Turkey’s top boss warns that polarization may hinder reforms

Turkey’s top boss warns that polarization may hinder reforms

Turkey’s top boss warns that polarization may hinder reforms

Both the government and the opposition accuse each other of fueling polarization in Turkey.

The head of Turkey’s largest business organization has warned that “polarization” in Turkey might thwart progress in much-needed economic reforms, pledging the business world’s support for politicians in the bid to end social tension.

“We think we won’t be able to move forward in reform fields that require serious consensus, like the [Kurdish] resolution process or the new Constitution, if we can’t make progress in the elimination of the polarization,” Turkish Industry and Business Association (TÜSİAD) Chairman Haluk Dinçer said, speaking at his organization’s High Consultation Council meeting on Sept. 18.

Particularly addressing President Recep Tayyip Erdoğan, who had also delivered a speech as part of the same event, Dinçer stressed that the business world was highly concerned about “the severe polarization that might have developed with the contribution of all of us.”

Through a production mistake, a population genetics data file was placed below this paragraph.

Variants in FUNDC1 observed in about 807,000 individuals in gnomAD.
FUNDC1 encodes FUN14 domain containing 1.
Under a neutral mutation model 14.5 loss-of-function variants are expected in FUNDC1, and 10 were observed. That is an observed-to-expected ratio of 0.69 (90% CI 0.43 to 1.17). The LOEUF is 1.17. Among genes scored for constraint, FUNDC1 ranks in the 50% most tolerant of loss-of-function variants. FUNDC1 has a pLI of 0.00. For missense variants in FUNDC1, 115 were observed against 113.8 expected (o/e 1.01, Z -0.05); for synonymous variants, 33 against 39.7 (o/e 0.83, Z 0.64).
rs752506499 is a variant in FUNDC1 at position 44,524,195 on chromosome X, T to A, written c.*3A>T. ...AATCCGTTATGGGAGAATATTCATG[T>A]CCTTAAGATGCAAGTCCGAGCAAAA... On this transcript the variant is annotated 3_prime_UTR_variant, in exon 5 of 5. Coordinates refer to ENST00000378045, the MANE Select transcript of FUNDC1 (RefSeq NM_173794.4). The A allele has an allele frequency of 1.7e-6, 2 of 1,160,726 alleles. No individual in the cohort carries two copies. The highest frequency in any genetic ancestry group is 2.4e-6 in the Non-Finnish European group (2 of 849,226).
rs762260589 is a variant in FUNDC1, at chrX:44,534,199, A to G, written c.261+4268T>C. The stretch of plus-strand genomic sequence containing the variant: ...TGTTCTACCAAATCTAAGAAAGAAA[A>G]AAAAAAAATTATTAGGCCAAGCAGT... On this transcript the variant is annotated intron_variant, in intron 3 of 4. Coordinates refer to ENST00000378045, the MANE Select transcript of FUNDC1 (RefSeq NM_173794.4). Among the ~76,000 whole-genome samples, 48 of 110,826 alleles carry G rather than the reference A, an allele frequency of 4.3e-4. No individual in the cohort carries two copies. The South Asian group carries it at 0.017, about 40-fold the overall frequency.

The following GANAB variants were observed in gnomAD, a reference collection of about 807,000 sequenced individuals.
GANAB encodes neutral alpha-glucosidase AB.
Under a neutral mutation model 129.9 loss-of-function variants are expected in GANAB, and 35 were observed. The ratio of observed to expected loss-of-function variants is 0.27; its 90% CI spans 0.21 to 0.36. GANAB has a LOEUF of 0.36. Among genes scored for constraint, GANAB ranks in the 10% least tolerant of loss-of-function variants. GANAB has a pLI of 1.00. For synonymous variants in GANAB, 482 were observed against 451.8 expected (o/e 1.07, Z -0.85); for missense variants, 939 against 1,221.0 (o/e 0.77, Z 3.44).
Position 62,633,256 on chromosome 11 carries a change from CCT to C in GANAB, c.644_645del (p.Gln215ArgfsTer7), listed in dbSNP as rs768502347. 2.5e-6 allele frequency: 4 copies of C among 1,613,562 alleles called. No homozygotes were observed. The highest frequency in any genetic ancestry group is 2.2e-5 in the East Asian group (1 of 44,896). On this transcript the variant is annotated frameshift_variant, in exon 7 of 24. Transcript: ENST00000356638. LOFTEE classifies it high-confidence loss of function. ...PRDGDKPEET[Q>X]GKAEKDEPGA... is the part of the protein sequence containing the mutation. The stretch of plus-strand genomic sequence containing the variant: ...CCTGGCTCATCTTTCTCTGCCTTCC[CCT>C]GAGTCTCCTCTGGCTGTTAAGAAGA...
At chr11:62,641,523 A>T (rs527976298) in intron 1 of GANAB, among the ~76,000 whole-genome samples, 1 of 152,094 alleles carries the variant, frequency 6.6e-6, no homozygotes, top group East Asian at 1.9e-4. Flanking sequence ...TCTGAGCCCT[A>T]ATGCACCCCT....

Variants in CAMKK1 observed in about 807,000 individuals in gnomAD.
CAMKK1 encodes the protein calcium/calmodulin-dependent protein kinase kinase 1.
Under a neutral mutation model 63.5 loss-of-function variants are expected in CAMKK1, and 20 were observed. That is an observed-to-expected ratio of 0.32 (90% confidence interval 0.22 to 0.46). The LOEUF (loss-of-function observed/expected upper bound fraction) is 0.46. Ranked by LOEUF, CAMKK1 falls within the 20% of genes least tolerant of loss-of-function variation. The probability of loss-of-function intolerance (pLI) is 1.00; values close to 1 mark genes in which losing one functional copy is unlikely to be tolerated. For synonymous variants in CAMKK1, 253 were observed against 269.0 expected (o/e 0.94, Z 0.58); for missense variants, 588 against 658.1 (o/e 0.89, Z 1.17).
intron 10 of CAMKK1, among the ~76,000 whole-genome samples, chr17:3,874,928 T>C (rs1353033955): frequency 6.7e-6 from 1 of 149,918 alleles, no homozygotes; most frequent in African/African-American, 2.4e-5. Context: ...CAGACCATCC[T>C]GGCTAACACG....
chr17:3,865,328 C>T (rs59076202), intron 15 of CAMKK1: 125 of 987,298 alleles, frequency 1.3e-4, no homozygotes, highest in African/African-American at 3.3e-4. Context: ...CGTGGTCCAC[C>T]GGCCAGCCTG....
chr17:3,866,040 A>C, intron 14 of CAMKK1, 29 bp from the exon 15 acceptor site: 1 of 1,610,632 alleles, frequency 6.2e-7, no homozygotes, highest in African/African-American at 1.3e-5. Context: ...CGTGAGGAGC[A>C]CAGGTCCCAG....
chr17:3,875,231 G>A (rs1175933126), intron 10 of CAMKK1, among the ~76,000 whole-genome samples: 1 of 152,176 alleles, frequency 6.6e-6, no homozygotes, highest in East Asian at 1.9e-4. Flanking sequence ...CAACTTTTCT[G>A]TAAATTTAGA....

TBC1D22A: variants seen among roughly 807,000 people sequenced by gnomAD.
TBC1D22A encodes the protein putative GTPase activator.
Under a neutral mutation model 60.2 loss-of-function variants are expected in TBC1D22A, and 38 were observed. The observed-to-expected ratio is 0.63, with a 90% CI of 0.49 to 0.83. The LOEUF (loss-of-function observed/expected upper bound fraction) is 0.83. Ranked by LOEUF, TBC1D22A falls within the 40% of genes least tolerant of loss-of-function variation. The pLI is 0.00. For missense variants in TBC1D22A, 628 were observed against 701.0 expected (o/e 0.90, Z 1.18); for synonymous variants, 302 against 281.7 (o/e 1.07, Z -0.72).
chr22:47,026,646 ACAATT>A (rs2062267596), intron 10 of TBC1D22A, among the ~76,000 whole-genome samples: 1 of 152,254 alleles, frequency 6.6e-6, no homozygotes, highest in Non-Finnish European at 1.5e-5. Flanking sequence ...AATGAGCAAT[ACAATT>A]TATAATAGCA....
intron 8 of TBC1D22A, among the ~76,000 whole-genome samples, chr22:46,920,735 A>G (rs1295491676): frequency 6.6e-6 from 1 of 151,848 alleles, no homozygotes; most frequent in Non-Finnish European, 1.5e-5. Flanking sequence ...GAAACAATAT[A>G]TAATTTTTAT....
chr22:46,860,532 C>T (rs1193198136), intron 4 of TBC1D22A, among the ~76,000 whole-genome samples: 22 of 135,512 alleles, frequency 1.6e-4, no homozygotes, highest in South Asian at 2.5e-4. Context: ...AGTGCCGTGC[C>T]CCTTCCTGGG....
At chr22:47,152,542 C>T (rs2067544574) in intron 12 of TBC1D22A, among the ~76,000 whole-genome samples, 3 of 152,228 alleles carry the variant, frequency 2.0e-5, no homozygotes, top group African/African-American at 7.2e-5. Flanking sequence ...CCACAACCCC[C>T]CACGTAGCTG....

“At this point, my dear president, as the first president elected by the people, we believe you will have a large role in the elimination of polarization. We believe you can lead the establishment of a new social consensus among state institutions, political parties and all parts of society with a conciliatory attitude, only focusing on future targets,” he said.

The TÜSİAD chairman also reiterated his organization’s call for acceleration of efforts in several key areas, including judicial reforms, the writing of a new Constitution, and the European Union accession bid.

Erdoğan’s attendance at the meeting was seen by many as possibly marking a thaw in the chilly relations between himself and TÜSİAD.

The president has repeatedly urged TÜSİAD “to mind its own business” after the business group criticized his government over issues related to democracy, the rule of law and human rights.